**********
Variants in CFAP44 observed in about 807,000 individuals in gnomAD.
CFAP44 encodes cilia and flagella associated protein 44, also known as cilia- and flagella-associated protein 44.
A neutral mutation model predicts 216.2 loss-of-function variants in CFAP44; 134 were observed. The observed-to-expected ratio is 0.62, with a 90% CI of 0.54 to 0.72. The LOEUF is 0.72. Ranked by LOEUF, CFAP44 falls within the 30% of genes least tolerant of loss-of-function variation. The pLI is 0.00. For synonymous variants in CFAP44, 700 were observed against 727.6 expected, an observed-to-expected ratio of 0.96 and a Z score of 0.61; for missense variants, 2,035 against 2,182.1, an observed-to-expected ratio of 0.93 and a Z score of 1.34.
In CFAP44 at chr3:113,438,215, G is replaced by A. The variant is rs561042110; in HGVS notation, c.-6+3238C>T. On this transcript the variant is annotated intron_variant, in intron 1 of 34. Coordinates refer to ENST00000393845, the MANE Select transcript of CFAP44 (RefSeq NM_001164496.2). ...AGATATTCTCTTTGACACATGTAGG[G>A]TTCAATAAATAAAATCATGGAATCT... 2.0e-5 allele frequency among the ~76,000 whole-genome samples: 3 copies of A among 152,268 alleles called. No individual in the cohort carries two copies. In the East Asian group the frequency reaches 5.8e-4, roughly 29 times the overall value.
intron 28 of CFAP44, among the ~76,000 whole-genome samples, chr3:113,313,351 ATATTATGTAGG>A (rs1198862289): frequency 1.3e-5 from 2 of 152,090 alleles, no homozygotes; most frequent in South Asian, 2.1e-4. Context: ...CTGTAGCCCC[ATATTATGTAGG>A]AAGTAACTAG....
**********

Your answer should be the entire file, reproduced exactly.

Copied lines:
Variants in CFAP44 observed in about 807,000 individuals in gnomAD.
CFAP44 encodes cilia and flagella associated protein 44, also known as cilia- and flagella-associated protein 44.
A neutral mutation model predicts 216.2 loss-of-function variants in CFAP44; 134 were observed. The observed-to-expected ratio is 0.62, with a 90% CI of 0.54 to 0.72. The LOEUF is 0.72. Ranked by LOEUF, CFAP44 falls within the 30% of genes least tolerant of loss-of-function variation. The pLI is 0.00. For synonymous variants in CFAP44, 700 were observed against 727.6 expected, an observed-to-expected ratio of 0.96 and a Z score of 0.61; for missense variants, 2,035 against 2,182.1, an observed-to-expected ratio of 0.93 and a Z score of 1.34.
In CFAP44 at chr3:113,438,215, G is replaced by A. The variant is rs561042110; in HGVS notation, c.-6+3238C>T. On this transcript the variant is annotated intron_variant, in intron 1 of 34. Coordinates refer to ENST00000393845, the MANE Select transcript of CFAP44 (RefSeq NM_001164496.2). ...AGATATTCTCTTTGACACATGTAGG[G>A]TTCAATAAATAAAATCATGGAATCT... 2.0e-5 allele frequency among the ~76,000 whole-genome samples: 3 copies of A among 152,268 alleles called. No individual in the cohort carries two copies. In the East Asian group the frequency reaches 5.8e-4, roughly 29 times the overall value.
intron 28 of CFAP44, among the ~76,000 whole-genome samples, chr3:113,313,351 ATATTATGTAGG>A (rs1198862289): frequency 1.3e-5 from 2 of 152,090 alleles, no homozygotes; most frequent in South Asian, 2.1e-4. Context: ...CTGTAGCCCC[ATATTATGTAGG>A]AAGTAACTAG....